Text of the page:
Sergey Brilyov: It appears that Russia’s and the United States’ stance on Antarctica is one of the issues that they have complete unanimity on.

Sergey Lavrov: That is true – and this is not the only issue. Since its discovery, Antarctica has been a sort of honeypot, a continent that everyone sought to claim a part of. It even came to serious interstate disputes.  

Sergey Brilyov: There was even shooting.

Sergey Lavrov: There was. But ultimately everything was settled by peaceful means, and I think this experience should be used to settle today’s conflicts.

Sergey Brilyov: Antarctica was almost a reason for a recent war. I mean the Falklands (Malvinas) War waged for the islands located slightly north of Antarctica.

Sergey Lavrov: They are not part of Antarctica.

Sergey Brilyov: But overlooking it. How sure can we be that the Antarctic Treaty will remain in effect and the world will not descend into another armed conflict?

Sergey Lavrov: I believe no one wants to undermine the Treaty. The 43rd Antarctic Treaty Consultative Meeting will be held in May−June this year. It will also mark the 200th anniversary of the discovery of Antarctica by Russian explorers. There are no signs of putting the Treaty at risk. On the contrary, I believe that cooperation on the South Pole is a remarkable example of relations between countries that set their ideological differences aside to focus on research and a peaceful development of this shared heritage.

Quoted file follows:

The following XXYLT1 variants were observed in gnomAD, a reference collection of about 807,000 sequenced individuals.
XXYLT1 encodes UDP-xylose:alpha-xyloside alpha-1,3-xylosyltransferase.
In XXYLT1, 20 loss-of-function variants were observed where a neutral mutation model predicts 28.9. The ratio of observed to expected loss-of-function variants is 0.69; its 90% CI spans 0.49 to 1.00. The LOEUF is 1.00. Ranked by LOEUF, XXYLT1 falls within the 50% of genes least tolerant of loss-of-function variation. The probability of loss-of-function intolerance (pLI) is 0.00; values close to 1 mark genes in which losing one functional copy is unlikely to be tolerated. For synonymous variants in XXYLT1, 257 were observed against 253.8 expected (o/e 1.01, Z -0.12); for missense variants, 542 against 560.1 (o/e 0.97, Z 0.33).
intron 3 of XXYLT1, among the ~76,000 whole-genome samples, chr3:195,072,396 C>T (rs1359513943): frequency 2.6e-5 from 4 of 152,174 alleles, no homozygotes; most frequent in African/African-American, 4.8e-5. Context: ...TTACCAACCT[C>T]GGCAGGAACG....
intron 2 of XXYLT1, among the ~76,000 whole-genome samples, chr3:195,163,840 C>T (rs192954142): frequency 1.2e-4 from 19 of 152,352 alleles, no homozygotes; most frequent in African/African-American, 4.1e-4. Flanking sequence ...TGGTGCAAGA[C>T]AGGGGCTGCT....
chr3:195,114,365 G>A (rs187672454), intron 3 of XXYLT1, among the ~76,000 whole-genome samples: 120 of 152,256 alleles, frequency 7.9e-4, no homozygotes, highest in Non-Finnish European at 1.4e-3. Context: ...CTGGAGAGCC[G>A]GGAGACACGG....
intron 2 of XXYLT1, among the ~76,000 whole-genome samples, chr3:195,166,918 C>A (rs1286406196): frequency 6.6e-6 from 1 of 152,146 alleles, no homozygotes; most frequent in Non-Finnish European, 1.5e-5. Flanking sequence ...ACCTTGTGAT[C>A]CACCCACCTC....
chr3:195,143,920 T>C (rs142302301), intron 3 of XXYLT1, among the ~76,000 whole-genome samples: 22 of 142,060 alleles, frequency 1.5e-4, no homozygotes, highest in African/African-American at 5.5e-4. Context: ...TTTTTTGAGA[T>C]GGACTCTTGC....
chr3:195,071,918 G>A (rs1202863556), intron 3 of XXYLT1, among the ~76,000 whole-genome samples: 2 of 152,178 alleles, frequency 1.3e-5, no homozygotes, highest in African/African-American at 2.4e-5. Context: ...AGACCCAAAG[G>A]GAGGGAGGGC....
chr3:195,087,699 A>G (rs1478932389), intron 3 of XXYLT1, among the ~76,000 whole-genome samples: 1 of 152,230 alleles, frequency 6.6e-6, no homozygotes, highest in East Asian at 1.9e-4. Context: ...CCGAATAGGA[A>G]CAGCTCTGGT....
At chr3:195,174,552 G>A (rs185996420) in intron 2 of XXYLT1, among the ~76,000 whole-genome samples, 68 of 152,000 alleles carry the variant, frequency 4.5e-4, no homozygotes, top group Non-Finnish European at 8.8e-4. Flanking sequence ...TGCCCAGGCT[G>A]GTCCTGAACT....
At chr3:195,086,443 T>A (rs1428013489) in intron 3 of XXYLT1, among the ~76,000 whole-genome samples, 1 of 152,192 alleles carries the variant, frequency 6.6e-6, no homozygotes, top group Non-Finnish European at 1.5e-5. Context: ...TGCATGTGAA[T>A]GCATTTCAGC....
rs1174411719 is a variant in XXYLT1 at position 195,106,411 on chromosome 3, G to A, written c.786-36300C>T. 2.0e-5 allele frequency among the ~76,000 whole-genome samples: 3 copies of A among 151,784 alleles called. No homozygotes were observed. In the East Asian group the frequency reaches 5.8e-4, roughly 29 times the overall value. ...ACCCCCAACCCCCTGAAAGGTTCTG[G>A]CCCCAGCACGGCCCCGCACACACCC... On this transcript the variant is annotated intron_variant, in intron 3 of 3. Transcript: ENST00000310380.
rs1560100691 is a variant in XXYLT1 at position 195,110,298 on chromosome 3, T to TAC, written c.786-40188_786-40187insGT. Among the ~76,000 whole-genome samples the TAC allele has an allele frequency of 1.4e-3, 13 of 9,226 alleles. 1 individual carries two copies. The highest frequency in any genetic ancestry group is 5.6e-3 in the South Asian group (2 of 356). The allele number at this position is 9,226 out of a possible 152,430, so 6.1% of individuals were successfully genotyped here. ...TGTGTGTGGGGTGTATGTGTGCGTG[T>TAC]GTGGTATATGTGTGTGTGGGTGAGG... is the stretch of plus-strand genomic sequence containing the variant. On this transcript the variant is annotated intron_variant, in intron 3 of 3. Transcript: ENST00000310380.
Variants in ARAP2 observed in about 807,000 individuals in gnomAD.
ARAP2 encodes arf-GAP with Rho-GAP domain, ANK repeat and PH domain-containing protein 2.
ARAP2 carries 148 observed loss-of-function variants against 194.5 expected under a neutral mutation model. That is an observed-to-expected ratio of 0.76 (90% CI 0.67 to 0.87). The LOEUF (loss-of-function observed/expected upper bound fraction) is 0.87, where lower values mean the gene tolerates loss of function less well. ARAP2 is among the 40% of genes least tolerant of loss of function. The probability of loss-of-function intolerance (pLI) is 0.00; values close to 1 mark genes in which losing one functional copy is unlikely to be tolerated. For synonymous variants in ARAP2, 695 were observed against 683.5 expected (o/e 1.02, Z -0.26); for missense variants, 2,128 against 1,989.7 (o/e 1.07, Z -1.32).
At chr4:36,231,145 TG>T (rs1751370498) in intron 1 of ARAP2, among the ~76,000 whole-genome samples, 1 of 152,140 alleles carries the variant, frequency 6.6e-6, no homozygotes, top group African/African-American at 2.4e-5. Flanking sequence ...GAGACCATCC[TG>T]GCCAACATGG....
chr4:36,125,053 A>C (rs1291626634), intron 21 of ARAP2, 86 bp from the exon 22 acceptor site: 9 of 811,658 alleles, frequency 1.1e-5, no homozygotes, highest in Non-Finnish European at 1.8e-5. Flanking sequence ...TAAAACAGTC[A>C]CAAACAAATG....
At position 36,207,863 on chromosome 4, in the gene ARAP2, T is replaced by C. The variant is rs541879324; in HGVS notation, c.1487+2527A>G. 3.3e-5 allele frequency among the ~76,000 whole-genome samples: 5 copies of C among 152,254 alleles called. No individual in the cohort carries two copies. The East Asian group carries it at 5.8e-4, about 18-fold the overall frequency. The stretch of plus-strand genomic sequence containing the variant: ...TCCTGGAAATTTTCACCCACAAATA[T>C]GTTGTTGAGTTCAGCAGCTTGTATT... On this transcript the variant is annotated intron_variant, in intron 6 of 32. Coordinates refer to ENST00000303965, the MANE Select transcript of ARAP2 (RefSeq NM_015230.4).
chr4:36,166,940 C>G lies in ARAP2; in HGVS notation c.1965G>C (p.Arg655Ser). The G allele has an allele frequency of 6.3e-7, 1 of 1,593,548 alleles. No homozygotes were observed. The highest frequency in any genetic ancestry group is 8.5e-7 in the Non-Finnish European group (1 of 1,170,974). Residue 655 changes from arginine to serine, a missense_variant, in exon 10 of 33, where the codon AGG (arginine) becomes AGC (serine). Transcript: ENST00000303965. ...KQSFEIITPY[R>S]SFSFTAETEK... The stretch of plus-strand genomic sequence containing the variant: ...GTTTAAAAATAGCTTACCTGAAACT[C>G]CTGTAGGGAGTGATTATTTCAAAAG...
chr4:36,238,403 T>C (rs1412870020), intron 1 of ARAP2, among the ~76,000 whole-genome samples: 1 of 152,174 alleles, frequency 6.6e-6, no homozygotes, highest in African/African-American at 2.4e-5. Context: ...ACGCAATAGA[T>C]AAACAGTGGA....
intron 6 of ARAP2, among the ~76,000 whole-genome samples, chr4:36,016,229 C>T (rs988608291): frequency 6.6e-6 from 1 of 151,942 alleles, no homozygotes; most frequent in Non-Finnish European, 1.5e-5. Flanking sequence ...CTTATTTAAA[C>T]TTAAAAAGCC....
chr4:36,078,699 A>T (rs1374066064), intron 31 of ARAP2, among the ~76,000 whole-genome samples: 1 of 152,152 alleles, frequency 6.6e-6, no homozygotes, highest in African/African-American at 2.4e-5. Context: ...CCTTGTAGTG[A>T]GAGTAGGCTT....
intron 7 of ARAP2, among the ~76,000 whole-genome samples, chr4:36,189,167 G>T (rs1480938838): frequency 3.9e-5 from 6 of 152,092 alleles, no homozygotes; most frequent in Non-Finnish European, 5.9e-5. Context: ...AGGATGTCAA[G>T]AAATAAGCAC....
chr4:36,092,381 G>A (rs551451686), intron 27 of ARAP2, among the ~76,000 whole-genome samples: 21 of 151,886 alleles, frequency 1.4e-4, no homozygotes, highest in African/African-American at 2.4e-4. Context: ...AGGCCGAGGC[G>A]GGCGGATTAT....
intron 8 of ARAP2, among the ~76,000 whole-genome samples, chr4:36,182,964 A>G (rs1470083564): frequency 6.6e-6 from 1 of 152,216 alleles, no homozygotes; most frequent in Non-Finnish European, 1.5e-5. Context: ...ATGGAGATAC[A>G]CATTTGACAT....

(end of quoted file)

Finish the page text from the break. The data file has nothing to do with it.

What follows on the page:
Sergey Brilyov: Can you tell me as a diplomat, not a researcher, why Russia has so many bases in Antarctica?

Sergey Lavrov: As a matter of fact, a scientific view is more important here. I doubt that diplomats would have made such a huge number of discoveries as our scientists. Take the discovery of a subglacial lake made at the end of last century. This lake was covered by a four-kilometre layer of ice and so had no contact with the Earth’s surface for millions of years. This unique discovery is helping us to learn increasingly more about the Earth and its origins. As for diplomacy, this offers us direct benefits because we can share experience, demonstrate the achievements made by our people and thereby strengthen Russia’s international standing. When we are doing well in the economy and science, it is easier for us to “make” foreign policy.

Sergey Brilyov: It is said that Antarctic stations are like mineral claims. Or is this a geopolitical fantasy?

Sergey Lavrov: Stations are nothing more than stations. We don’t need visas to fly to Antarctica. It is a unique part of the world. I believe that we should tread very carefully when it comes to initiatives on modifying the regime set out in the Antarctic Treaty.

Sergey Brilyov: I have a question for you as a canoer. Just to imagine that Bellinsgauzen and Lazarev set out in their sloops across the ocean into that ice region… Come to think of it, this is a heroic part of global history.

Sergey Lavrov: I am not a canoer. Rather I’m a rafter. A raft is more reliable than a canoe. Nevertheless, I cannot imagine how they travelled back then. By the way, our diplomats greatly contributed to organising that expedition. All our ambassadors and consuls general located along the expedition’s route were instructed to provide assistance, including food and equipment such as binoculars and spy glasses, as well as many other items. Of course, the fact that there were no major problems during the expedition – nobody died or got scurvy, as many had feared – is proof of the attention given to it by the state, including the diplomatic service, along the entire route.